Whitman news since 1896

Whitman Wire

Vol. CLIV, Issue 9
Whitman news since 1896

Whitman Wire

Whitman news since 1896

Whitman Wire

Documentary filmmaker Isacsson visits campus

Canadian documentary filmmaker Magnus Isacsson has been at Whitman College for the past two weeks putting on film screenings, visiting classrooms, answering questions and teaching an evening course.

The visit was made possible via funds from the O’Donnell Visiting Educator program.

“The O’Donnell Visiting Educator program has been a good source of funding for Canadian-related initiatives,” said Jack Iverson, associate professor of language and literatures–French and one of the faculty members who played a key role in making Isacsson’s visit possible.

“The program brings to campus practitioners of international affairs for somewhat extended stays” he explained. “I read in the Quebec newspapers about the release of [Isacsson’s] film ‘The Battle of Rabaska.’ From there, I did a bit of research about his work more generally. I was really attracted by the blog he keeps and its focus on the position of documentary film in contemporary society.”

Isacsson has been an independent documentary filmmaker for over the past two decades. Before that he worked in public broadcast, but eventually left due to the limitations of the medium.

“The format was very limited,” said Isacsson of television. “It was always 20 minutes; it was always with a journalist narrating it. It was very predictable . . . I wanted more freedom.”

Isacsson has used his freedom to make original documentaries that often revolve around people standing up for their rights or fighting for something that they believe in: especially when it requires standing up against large corporations or governments.

“I think the advantage of documentary is that it can go in-depth into certain issues or situations and really bring them to life. Because it’s a cinematic medium with storytelling, with character development, with images, with sound and music, you can make issues come alive . . . documentaries can bring a very lively portrayal of public issues to the forefront,” said Isacsson.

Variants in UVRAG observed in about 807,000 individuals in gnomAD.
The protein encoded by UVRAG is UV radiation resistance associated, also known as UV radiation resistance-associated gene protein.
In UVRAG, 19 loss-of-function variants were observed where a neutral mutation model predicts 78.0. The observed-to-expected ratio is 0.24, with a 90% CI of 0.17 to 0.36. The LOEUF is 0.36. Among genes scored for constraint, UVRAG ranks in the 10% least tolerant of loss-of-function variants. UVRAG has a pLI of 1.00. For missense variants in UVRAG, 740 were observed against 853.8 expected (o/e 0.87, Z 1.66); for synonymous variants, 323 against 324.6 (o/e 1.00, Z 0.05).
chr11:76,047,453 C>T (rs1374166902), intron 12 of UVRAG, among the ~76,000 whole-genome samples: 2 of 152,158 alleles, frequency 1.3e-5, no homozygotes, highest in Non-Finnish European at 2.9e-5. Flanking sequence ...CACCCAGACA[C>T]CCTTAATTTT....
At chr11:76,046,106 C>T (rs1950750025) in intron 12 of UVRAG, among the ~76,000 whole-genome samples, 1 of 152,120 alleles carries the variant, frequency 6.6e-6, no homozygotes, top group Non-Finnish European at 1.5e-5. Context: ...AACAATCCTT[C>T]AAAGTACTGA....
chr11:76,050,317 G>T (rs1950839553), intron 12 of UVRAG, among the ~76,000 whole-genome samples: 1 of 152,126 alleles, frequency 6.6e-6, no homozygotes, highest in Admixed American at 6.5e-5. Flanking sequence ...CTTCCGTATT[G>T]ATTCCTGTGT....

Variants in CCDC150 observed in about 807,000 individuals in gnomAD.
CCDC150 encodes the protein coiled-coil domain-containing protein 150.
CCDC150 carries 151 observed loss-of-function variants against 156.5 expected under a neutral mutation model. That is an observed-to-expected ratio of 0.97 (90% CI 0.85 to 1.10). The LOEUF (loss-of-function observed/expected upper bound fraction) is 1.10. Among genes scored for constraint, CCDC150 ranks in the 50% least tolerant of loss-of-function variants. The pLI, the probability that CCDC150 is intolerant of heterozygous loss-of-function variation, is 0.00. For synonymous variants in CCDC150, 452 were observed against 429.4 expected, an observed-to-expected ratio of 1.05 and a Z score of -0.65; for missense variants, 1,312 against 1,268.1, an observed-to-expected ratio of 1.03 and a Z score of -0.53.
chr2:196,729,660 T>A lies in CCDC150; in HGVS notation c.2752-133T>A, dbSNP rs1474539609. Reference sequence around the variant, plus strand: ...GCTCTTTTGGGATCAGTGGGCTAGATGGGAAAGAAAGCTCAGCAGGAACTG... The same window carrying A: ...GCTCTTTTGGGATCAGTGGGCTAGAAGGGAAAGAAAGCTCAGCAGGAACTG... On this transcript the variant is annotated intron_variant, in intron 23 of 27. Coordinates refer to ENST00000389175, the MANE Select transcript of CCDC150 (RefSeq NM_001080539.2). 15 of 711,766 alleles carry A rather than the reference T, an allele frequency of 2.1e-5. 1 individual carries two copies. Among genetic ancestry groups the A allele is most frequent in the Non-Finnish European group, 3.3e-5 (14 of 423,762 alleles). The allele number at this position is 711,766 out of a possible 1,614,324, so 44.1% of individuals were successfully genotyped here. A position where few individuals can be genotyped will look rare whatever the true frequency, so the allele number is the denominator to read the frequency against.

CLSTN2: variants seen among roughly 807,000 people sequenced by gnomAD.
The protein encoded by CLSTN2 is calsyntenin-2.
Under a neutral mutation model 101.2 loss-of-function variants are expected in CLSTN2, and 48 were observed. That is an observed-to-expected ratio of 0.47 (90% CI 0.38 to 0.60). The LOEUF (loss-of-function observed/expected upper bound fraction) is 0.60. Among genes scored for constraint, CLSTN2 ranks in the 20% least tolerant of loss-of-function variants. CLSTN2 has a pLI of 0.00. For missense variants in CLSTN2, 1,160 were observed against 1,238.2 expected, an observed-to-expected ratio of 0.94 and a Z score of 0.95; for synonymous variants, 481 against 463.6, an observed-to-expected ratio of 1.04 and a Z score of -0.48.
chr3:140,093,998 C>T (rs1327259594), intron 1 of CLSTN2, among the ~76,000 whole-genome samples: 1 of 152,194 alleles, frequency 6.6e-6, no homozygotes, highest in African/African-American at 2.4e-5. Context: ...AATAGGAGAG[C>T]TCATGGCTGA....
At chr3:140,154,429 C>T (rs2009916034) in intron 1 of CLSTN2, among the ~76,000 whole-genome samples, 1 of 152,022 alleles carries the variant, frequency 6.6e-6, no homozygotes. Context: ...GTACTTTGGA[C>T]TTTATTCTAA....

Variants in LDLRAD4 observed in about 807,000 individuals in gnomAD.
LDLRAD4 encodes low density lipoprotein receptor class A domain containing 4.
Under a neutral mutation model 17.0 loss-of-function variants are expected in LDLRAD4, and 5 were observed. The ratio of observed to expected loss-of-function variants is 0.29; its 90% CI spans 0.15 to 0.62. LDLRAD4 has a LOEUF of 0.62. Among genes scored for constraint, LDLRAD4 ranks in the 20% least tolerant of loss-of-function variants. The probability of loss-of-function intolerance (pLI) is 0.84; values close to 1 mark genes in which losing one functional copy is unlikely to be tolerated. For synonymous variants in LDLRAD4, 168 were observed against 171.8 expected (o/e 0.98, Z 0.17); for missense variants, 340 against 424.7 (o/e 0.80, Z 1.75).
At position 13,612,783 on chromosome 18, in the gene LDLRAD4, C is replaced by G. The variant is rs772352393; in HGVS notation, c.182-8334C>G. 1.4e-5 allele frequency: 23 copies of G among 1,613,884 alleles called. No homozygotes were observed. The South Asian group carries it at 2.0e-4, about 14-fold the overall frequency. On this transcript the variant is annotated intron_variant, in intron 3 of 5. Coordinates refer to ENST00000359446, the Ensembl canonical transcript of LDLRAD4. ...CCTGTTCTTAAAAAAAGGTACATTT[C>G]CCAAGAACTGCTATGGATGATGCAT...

The course which Isacsson has been teaching three evenings a week for the past two weeks is called “Hot Docs” and is about the role of documentary in public debate in society. The course often involves Isacsson showing clips of documentaries and then lecturing on their importance in contemporary society. Isacsson has showed clips from a variety of documentaries such as “Harlan County, USA”, “The Cove”, “The Thin Blue Line” and “Fahrenheit 9/11.”

Visiting educator Magnus Isacsson lectures on documentaries in a global context for a Hot Doc class session. Photo Credit: Zach Rosenberg

However, working as a visiting teacher is a new experience for Isacsson.

“I fairly regularly go to college or university classes to show a film or [give a] talk, but I don’t usually teach,” he said.

According to sophomore Nehali Dave, Isacsson’s background as a filmmaker rather than a teacher is what makes the course so strong.

“I’m usually watching documentaries because the information is really interesting, but seeing them through the eyes of a filmmaker makes you just understand a whole different element,” said Dave.

In addition to teaching an evening course, Isacsson has also screened a number of his films for Whitman students. Among these documentaries was Isacsson’s most recent film, “Art in Action”, which is about two Montreal-based artists who use urban art installations to highlight social issues.

Isacsson also screened scenes from a   work-in-progress that he has been working on for eight years called “Granny Power.” This not-yet-completed documentary is about a political action movement started in Canada by elderly women.

Professor Iverson hopes that students will greatly benefit from the opportunity of having Isacsson on campus.

“Hopefully, a visitor like Magnus Isacsson brings something to campus that wouldn’t necessarily be available to students otherwise,” said Iverson. “Of course there are film courses and there are frequent documentary screenings on campus. But the O’Donnell Endowment has made it possible for a broad group of students to dialogue with Magnus and to learn about his particular approach to social issues as a documentary filmmaker.”

Dave noted that the Isacsson’s visit was also a great opportunity for the students who aren’t Rhetoric and Film Studies majors.

“It was a really nice opportunity that I wouldn’t have otherwise, especially because I’m not a film student and won’t be able to take any film classes this year,” said Dave. “I think it was just a really nice opportunity for non-[rhetoric and film] majors to get a glimpse at what [rhetoric and film studies] majors might do.”

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